This is my grandmother's original biscuit recipe from my very first season of Good Eats: light, flaky, and perfectly buttery. Let me just say that the most important recipes you can collect are family recipes. When a couple gets married, the best gift they can receive is a handmade book of recipes from both sides of the family. A note on mixing: This method of rubbing or "cutting" fat into flour, then stirring in moisture before kneading is referred to as the "biscuit" method and is called for in the preparation of many baked goods, most notably scones, shortbread, and pie crusts.This recipe first appeared in Season 1 of Good Eats and was updated in Season 1 of Good Eats: Reloaded.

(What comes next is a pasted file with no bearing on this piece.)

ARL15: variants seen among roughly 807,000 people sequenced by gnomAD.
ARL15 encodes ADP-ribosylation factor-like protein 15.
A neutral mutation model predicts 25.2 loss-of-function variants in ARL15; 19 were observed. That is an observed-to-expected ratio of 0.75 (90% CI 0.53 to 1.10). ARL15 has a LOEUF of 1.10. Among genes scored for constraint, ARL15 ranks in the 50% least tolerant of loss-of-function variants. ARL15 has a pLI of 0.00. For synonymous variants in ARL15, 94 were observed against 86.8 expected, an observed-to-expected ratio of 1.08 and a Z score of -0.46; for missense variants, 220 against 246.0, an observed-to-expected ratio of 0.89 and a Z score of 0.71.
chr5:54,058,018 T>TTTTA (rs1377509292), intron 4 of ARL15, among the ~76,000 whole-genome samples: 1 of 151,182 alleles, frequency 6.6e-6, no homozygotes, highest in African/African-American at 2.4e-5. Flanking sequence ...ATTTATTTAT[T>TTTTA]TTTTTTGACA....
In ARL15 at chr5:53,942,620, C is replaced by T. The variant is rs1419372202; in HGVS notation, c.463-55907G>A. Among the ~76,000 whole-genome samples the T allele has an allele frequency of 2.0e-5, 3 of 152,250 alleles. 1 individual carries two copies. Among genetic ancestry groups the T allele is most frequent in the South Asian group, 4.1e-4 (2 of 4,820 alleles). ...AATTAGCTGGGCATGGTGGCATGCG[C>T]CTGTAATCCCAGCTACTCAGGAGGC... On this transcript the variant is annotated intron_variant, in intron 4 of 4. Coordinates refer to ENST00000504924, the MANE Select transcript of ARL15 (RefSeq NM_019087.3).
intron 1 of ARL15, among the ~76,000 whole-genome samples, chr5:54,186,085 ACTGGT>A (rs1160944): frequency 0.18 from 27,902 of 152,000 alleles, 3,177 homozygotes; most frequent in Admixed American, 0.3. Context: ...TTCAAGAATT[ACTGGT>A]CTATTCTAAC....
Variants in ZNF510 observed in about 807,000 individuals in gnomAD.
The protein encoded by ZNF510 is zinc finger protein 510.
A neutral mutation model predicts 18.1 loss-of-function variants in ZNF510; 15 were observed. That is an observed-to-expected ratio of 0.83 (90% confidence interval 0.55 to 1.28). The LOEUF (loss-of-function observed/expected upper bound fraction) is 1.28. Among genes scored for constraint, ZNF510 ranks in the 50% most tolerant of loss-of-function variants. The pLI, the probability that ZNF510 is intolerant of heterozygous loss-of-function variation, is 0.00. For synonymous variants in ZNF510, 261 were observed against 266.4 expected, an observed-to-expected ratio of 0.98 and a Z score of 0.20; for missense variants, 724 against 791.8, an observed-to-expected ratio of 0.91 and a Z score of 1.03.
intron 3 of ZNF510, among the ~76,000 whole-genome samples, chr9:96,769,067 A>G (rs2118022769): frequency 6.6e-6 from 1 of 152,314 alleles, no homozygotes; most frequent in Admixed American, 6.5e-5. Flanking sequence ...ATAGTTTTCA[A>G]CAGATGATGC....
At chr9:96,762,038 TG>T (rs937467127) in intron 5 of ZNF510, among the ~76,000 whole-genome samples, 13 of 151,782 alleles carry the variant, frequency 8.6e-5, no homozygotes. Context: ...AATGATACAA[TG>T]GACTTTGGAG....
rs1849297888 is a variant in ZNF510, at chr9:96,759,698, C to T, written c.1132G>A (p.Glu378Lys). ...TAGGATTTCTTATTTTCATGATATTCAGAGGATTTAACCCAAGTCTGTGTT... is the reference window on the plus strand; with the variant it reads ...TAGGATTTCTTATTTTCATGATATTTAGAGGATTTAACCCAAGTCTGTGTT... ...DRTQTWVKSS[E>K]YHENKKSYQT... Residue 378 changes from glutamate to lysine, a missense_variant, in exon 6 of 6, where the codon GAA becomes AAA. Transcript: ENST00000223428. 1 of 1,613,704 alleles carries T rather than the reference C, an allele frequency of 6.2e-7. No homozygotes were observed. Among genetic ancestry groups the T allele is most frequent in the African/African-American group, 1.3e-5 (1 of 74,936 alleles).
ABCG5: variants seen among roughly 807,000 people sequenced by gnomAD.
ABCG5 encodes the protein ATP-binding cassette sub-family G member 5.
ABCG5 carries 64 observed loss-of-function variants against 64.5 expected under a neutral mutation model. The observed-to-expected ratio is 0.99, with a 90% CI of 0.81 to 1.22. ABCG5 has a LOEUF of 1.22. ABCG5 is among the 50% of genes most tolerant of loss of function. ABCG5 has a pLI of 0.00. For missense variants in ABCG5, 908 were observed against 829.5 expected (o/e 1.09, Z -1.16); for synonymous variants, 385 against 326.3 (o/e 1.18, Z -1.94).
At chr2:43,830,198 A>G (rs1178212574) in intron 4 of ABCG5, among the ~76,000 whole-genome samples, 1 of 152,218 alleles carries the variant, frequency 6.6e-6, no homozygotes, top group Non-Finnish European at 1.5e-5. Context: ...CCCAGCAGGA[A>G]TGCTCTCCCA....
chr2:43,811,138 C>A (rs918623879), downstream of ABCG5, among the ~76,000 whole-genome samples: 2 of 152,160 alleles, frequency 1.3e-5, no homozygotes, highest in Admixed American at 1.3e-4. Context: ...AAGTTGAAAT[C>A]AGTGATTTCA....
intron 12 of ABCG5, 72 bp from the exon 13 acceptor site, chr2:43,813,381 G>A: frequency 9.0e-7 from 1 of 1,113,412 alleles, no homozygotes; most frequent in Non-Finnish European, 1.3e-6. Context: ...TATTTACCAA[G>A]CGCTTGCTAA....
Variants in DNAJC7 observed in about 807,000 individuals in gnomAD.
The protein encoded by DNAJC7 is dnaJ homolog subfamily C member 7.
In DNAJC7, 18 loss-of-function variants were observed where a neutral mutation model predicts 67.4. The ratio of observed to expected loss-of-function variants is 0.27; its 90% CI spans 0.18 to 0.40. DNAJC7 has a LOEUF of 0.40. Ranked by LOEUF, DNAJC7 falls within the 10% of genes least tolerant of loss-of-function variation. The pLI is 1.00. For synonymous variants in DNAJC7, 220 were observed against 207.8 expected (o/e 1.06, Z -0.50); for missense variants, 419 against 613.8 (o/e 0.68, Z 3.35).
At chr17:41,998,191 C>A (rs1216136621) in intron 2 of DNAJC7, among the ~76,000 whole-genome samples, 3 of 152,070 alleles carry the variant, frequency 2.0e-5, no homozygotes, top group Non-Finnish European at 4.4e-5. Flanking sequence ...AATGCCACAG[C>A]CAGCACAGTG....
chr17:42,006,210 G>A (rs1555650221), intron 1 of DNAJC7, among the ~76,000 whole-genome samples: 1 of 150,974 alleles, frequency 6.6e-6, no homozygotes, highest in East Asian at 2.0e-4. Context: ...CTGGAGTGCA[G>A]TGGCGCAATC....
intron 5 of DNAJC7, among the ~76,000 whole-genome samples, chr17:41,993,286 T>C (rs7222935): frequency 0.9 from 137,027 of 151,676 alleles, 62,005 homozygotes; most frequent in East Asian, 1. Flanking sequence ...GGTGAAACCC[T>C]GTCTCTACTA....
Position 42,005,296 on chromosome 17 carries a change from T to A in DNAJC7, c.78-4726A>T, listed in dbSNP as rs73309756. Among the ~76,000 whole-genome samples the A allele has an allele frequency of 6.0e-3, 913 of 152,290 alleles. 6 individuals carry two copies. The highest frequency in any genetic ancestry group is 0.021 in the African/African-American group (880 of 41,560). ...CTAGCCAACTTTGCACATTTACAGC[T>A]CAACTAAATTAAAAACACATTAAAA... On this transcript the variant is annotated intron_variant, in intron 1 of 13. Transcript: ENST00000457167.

In a large mixing bowl, combine flour, baking powder, baking soda and salt. Using your fingertips, rub butter and shortening into dry ingredients until mixture looks like crumbs. (The faster the better, you don't want the fats to melt.) Make a well in the center and pour in the chilled buttermilk. Stir just until the dough comes together. The dough will be very sticky.
Turn dough onto floured surface, dust top with flour and gently fold dough over on itself 5 or 6 times. Press into a 1-inch thick round. Cut out biscuits with a 2-inch cutter, being sure to push straight down through the dough. Place biscuits on baking sheet so that they just touch. Reform scrap dough, working it as little as possible and continue cutting. (Biscuits from the second pass will not be quite as light as those from the first, but hey, that's life.)
Bake until biscuits are tall and light gold on top, 15 to 20 minutes. Serve hot.
Alton independently selects these products—if you buy from one of our links, we may earn a commission from the brand.